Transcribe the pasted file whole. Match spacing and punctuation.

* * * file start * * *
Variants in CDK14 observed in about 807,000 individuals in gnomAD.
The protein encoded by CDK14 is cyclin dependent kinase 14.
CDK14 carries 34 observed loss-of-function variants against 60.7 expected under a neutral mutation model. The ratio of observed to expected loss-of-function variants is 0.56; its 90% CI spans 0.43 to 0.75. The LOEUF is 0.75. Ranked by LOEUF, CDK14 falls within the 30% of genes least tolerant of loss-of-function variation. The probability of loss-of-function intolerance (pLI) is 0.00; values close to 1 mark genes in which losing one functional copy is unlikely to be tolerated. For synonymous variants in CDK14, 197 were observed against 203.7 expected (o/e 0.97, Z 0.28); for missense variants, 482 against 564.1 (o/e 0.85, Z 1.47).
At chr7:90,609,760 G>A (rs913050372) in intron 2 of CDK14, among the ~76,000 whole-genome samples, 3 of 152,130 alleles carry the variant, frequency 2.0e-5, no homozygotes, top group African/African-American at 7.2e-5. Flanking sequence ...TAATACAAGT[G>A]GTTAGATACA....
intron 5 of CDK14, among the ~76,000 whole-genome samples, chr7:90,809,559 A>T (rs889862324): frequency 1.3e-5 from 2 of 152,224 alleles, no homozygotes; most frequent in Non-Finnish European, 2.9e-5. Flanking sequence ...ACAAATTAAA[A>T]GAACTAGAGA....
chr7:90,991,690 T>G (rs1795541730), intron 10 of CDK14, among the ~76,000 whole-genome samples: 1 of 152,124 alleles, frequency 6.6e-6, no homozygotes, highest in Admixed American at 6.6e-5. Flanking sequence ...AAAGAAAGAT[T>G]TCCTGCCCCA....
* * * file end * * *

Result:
Variants in CDK14 observed in about 807,000 individuals in gnomAD.
The protein encoded by CDK14 is cyclin dependent kinase 14.
CDK14 carries 34 observed loss-of-function variants against 60.7 expected under a neutral mutation model. The ratio of observed to expected loss-of-function variants is 0.56; its 90% CI spans 0.43 to 0.75. The LOEUF is 0.75. Ranked by LOEUF, CDK14 falls within the 30% of genes least tolerant of loss-of-function variation. The probability of loss-of-function intolerance (pLI) is 0.00; values close to 1 mark genes in which losing one functional copy is unlikely to be tolerated. For synonymous variants in CDK14, 197 were observed against 203.7 expected (o/e 0.97, Z 0.28); for missense variants, 482 against 564.1 (o/e 0.85, Z 1.47).
At chr7:90,609,760 G>A (rs913050372) in intron 2 of CDK14, among the ~76,000 whole-genome samples, 3 of 152,130 alleles carry the variant, frequency 2.0e-5, no homozygotes, top group African/African-American at 7.2e-5. Flanking sequence ...TAATACAAGT[G>A]GTTAGATACA....
intron 5 of CDK14, among the ~76,000 whole-genome samples, chr7:90,809,559 A>T (rs889862324): frequency 1.3e-5 from 2 of 152,224 alleles, no homozygotes; most frequent in Non-Finnish European, 2.9e-5. Flanking sequence ...ACAAATTAAA[A>T]GAACTAGAGA....
chr7:90,991,690 T>G (rs1795541730), intron 10 of CDK14, among the ~76,000 whole-genome samples: 1 of 152,124 alleles, frequency 6.6e-6, no homozygotes, highest in Admixed American at 6.6e-5. Flanking sequence ...AAAGAAAGAT[T>G]TCCTGCCCCA....